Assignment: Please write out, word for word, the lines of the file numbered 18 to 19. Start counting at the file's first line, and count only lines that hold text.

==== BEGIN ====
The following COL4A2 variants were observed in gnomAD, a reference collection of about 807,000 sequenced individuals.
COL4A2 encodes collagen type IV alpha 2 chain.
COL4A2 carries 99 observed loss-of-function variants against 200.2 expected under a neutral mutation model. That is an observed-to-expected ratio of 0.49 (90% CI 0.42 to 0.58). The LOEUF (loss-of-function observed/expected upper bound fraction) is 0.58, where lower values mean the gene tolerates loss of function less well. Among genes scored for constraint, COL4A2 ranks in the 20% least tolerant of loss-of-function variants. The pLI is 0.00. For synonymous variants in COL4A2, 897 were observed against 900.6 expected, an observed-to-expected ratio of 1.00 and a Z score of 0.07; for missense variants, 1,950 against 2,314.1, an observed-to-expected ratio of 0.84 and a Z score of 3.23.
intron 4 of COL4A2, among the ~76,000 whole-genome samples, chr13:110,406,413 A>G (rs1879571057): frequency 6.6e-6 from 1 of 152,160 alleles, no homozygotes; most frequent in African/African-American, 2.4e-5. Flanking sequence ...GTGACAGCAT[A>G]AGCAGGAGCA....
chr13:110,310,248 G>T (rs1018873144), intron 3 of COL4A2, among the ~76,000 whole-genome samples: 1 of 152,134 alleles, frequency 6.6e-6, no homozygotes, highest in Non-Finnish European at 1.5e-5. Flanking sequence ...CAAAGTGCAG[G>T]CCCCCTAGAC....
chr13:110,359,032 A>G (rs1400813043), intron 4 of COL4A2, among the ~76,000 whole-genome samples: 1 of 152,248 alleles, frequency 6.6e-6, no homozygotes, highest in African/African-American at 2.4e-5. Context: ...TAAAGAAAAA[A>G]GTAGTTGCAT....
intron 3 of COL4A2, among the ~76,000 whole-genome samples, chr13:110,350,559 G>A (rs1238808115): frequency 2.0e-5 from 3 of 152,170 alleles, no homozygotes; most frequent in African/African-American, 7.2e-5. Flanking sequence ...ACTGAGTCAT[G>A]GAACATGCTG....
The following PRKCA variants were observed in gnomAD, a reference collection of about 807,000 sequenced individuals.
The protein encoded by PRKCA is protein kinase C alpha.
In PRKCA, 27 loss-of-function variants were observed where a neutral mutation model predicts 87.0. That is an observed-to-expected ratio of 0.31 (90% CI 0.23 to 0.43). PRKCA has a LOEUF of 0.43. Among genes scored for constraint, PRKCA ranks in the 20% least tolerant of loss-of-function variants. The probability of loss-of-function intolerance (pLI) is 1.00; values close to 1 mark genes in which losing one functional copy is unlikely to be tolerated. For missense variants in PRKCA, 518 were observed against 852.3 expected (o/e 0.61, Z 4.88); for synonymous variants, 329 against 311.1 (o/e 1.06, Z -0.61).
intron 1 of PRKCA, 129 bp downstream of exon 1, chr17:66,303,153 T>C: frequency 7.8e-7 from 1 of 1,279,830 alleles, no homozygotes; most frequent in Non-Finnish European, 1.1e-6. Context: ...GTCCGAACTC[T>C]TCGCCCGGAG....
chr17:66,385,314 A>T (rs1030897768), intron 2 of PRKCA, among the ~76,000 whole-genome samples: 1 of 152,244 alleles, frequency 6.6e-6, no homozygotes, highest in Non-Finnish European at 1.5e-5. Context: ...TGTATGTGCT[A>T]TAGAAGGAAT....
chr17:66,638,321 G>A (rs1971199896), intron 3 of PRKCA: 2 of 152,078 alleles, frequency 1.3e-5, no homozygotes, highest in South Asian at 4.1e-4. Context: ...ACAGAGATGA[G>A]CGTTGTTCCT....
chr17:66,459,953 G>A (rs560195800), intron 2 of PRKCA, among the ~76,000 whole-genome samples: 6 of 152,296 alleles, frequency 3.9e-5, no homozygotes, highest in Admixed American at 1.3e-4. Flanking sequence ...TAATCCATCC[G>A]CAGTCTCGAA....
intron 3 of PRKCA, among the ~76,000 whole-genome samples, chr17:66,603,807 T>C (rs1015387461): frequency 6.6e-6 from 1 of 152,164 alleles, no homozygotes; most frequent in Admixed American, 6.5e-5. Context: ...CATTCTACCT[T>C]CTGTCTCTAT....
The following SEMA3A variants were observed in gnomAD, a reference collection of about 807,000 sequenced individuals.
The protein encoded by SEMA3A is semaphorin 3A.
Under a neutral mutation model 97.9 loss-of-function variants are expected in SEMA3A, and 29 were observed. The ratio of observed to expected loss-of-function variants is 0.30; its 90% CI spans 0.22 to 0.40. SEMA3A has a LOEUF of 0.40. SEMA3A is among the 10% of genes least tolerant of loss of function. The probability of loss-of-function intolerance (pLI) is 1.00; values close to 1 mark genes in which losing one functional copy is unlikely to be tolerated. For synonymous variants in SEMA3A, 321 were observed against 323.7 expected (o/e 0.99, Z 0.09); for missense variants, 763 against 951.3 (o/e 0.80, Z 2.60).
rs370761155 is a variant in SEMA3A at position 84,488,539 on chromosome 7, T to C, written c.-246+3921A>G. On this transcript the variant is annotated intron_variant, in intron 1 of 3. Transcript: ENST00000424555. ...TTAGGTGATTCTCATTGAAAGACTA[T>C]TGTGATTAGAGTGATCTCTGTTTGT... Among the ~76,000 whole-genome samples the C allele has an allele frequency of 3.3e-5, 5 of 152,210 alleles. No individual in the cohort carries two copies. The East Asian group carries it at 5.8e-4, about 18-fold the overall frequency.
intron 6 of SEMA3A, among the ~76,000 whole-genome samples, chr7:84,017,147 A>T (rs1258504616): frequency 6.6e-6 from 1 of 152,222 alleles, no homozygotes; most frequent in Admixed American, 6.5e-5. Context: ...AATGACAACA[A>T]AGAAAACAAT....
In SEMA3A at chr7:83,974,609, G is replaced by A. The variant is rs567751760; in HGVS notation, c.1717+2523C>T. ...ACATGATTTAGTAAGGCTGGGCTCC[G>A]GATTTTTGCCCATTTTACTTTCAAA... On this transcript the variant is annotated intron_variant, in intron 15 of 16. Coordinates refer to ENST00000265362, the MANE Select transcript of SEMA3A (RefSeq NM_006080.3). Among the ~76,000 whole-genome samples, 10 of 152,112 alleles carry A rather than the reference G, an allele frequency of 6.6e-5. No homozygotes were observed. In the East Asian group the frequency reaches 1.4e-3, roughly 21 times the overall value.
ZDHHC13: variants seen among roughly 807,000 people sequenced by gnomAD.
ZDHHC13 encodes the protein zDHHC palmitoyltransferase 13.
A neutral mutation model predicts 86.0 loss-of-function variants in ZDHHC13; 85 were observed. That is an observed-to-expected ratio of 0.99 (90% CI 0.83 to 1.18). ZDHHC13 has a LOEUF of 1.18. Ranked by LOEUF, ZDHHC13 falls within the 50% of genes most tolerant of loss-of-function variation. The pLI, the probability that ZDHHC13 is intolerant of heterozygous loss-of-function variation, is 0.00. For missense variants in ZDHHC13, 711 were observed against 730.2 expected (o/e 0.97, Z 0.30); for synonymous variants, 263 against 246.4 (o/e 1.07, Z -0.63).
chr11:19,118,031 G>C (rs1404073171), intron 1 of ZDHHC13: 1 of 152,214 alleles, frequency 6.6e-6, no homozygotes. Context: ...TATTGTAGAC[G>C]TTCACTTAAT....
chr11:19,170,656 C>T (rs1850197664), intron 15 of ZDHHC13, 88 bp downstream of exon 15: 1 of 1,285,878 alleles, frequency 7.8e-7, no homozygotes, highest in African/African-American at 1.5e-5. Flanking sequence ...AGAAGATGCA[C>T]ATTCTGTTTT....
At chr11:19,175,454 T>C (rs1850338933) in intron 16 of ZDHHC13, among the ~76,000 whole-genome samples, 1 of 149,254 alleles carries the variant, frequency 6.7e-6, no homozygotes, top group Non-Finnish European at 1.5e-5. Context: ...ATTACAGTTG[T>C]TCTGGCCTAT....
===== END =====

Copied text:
Under a neutral mutation model 97.9 loss-of-function variants are expected in SEMA3A, and 29 were observed. The ratio of observed to expected loss-of-function variants is 0.30; its 90% CI spans 0.22 to 0.40. SEMA3A has a LOEUF of 0.40. SEMA3A is among the 10% of genes least tolerant of loss of function. The probability of loss-of-function intolerance (pLI) is 1.00; values close to 1 mark genes in which losing one functional copy is unlikely to be tolerated. For synonymous variants in SEMA3A, 321 were observed against 323.7 expected (o/e 0.99, Z 0.09); for missense variants, 763 against 951.3 (o/e 0.80, Z 2.60).
rs370761155 is a variant in SEMA3A at position 84,488,539 on chromosome 7, T to C, written c.-246+3921A>G. On this transcript the variant is annotated intron_variant, in intron 1 of 3. Transcript: ENST00000424555. ...TTAGGTGATTCTCATTGAAAGACTA[T>C]TGTGATTAGAGTGATCTCTGTTTGT... Among the ~76,000 whole-genome samples the C allele has an allele frequency of 3.3e-5, 5 of 152,210 alleles. No individual in the cohort carries two copies. The East Asian group carries it at 5.8e-4, about 18-fold the overall frequency.